I swallowed a lump in my throat and my hand drifted to my knife, which I had taken to wearing on my hip instead of my leg once we entered the Old Lands. “Logan, I am the one who lives in this territory,” I said weakly. “I am the one who had to convince you that it wasn’t haunted. But this place… it feels wrong.”
Logan stopped and looked at me, head cocked to the side. Sophia crunched away, oblivious to our hesitation. “Riane, this is why we came here. My legs haven’t stopped hurting since we left home, and I have never been filthier. But this is why we came, remember? We were going on an adventure to break from the monotony of our lives.”
I bit my lip and stole another glance in the direction of the fort. “I like the monotony,” I whispered, but he ignored me and jogged away to catch up with Sophia.
I watched their retreating backs, and my grip tightened on the hilt of my dagger. Night was quickly falling; soon we would be lost in the darkness, and I knew I wasn’t about to camp next to the ruins of the fort. We would have to walk back to Vavenby, and that would take all night.
My gut twisted and a shiver crawled down my spine. We were trapped.
I shook my head and wiped off my face loose locks of hair that had escaped from my braid and clung to the sweat. We weren’t trapped. There was nothing here to trap us. Logan was right. The fort wasn’t haunted. It had been long since abandoned by those who built it, just like every other manmade structure in the Old Lands. We would be fine.
Ghosts didn’t exist.
Repeating this mantra over and over in my head, I carefully moved closer to the fort.
It wasn’t long before I broke through the tree line, into the clearing surrounding the fort that time still hadn’t been able to retake. My breath hitched in my throat as the full sight of the ruins greeted me. Four stone towers, only one moderately intact, connected by walls that had long since crumbled in the middle. Vines crawled up the sides of the weathered stones as nature tried to reclaim what was rightfully hers. A flagpole still stood from the highest tower, the one closest to me, with a scrap of fabric still attached. It drifted lazily in the evening breeze.
Another shiver danced down my spine. The highest tower was one of the tallest buildings I had ever seen, aside from the castle in Nallis. It was majestic and magnificent, even with one side gone.
“I don’t like this,” I said to myself, and walked slowly past the tower, alongside the south wall, which was mostly intact. A few holes like slits were carved into the stone—places for archers to keep watch and ready their bows in case of invaders—and from one still dangled the ruined remains of a tapestry.
There was a small hole, big enough to crawl through, at the bottom of the wall. I peered at it, curious, and spotted broken, rusted bars protruding from the ground beneath it. A sewage drain, most likely. But one big enough to crawl through. I took another step toward it—and was enveloped in a feeling of icy dread.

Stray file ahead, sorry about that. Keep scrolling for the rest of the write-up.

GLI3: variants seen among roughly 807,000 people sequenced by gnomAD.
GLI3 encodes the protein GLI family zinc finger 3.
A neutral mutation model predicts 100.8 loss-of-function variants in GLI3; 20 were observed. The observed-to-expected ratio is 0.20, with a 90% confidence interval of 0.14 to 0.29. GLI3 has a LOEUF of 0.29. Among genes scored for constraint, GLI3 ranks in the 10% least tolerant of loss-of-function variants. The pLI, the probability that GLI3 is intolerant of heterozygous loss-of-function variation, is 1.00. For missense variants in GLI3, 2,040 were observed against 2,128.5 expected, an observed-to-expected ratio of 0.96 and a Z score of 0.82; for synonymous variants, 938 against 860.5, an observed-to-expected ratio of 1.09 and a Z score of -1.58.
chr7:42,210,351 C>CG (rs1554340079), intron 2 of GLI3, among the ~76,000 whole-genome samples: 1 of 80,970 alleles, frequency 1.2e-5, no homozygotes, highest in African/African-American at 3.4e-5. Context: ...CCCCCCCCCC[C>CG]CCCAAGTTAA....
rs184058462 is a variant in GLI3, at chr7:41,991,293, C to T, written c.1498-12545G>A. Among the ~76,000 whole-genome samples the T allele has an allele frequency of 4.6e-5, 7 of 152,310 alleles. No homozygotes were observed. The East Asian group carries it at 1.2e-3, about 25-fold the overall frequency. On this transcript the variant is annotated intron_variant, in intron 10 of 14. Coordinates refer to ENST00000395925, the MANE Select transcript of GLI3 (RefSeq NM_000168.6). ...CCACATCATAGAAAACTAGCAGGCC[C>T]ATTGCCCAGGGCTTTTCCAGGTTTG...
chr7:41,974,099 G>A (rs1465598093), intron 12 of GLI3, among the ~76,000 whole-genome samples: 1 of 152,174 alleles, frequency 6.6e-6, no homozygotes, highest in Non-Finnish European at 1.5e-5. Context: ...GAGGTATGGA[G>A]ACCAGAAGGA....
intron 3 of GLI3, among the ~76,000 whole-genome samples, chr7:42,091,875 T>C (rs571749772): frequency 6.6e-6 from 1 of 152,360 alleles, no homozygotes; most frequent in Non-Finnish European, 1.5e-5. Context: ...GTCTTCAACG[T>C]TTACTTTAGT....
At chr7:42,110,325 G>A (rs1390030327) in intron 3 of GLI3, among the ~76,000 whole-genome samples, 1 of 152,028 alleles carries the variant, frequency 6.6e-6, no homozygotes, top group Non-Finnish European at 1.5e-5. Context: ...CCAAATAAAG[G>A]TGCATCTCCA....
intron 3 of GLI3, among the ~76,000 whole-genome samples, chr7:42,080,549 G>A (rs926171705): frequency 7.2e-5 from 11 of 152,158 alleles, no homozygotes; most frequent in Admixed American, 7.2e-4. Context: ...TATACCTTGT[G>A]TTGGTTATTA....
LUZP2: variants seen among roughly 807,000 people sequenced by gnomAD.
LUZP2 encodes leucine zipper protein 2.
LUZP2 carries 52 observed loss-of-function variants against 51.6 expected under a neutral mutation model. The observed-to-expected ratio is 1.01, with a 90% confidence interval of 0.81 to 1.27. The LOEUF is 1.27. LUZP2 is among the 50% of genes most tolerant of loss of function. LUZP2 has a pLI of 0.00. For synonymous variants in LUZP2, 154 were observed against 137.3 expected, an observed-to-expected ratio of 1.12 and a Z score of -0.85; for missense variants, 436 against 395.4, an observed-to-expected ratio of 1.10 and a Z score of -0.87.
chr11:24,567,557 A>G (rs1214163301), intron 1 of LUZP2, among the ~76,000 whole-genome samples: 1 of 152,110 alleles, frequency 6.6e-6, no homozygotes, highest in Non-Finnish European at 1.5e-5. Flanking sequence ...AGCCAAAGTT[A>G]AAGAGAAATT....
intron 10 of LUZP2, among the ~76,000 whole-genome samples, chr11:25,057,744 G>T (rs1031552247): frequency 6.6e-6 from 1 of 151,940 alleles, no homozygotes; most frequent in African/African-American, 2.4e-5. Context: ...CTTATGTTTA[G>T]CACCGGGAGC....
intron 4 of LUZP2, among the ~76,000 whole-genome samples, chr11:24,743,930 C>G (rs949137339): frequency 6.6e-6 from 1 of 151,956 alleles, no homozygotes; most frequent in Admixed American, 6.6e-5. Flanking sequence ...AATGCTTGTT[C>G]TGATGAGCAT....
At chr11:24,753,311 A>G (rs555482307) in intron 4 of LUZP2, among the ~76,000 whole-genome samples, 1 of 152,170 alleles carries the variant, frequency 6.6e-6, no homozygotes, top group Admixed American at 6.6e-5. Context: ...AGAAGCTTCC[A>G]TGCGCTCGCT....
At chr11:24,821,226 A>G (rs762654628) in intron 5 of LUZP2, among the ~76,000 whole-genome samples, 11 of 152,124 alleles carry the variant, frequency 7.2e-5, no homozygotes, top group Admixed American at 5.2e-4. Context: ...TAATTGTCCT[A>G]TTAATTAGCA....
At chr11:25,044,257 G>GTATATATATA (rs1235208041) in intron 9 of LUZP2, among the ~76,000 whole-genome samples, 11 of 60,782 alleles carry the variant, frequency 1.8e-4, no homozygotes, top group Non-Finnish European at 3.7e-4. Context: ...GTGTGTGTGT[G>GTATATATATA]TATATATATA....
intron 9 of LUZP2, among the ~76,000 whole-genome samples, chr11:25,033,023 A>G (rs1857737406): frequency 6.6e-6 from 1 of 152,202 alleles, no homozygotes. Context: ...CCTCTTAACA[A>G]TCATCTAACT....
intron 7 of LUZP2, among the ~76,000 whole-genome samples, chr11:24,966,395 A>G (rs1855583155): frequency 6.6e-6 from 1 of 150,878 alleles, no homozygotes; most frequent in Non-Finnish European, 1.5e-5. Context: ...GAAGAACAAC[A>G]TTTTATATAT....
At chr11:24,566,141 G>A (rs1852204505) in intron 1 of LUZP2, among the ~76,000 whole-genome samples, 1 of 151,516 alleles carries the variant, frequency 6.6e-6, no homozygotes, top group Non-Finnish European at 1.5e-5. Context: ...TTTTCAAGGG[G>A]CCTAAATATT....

I froze, shoulders hunched. The mantra vanished like smoke from my mind. Something dark was nearby. Something wrong. This place was haunted.
“Logan?” I called, barely daring to speak any louder than a hissing whisper. “Logan? Sophia?”
A soft noise rose up somewhere behind me, like a dry cackle. The hair on the back of my neck rose, and I turned, pulling my dagger from my belt.
There was nothing behind me but the edge of the forest, shrouded in shadows.
“Logan?” I called again. Night was almost upon us; there was only a faint ribbon of red light left on the horizon. “Are you there? This isn’t funny.”
Another noise, and a soft breeze against my neck like the breath of a stifled laugh.
I do not deal in jokes, child.
Fresh terror rippled through me and tears prickled my eyes. My breath came short as I turned—but yet again, there was nothing behind me.
I bit my lip; tears slipped from my eyes and slid down my cheeks. “Wh-Who’s there?” I stammered. My voice was pitiful, and was lost in the wind and mist almost immediately. Logan and Sophia would never hear me.
You tread in my territory, child—in my home. Unwanted. Uninvited. The outcasts of civilization do not want you; why should the ghosts of the past?
I shut my eyes as more tears fell free. My skin prickled as another icy breeze washed over me, and my trembling fingers slipped on the hilt of my knife. “Please…”
For what do you beg? Tendrils of glacial cold touched the back of my neck; I choked out a sob. It seemed to fall on me like a hand, growing stronger as the night mists gathered from the shadows. I see who you are. You have the hair and the eyes of your father, but the soul you possess is shared with your mother. Strange that destiny should decide to send you here, to me, but who are we to question what the gods decide? Do you beg for freedom from your blood, child? Do you beg for freedom from me? Another breathy noise, a child’s laughter in the wind. You would have more luck asking the mountains to walk and the sun to set in the east.
I opened my eyes, but saw nothing. Blackness surrounded me, twisting with the smoky shapes of half-seen ghosts and unrealized dreams.
“Help me,” I whispered, and the shadows swallowed me.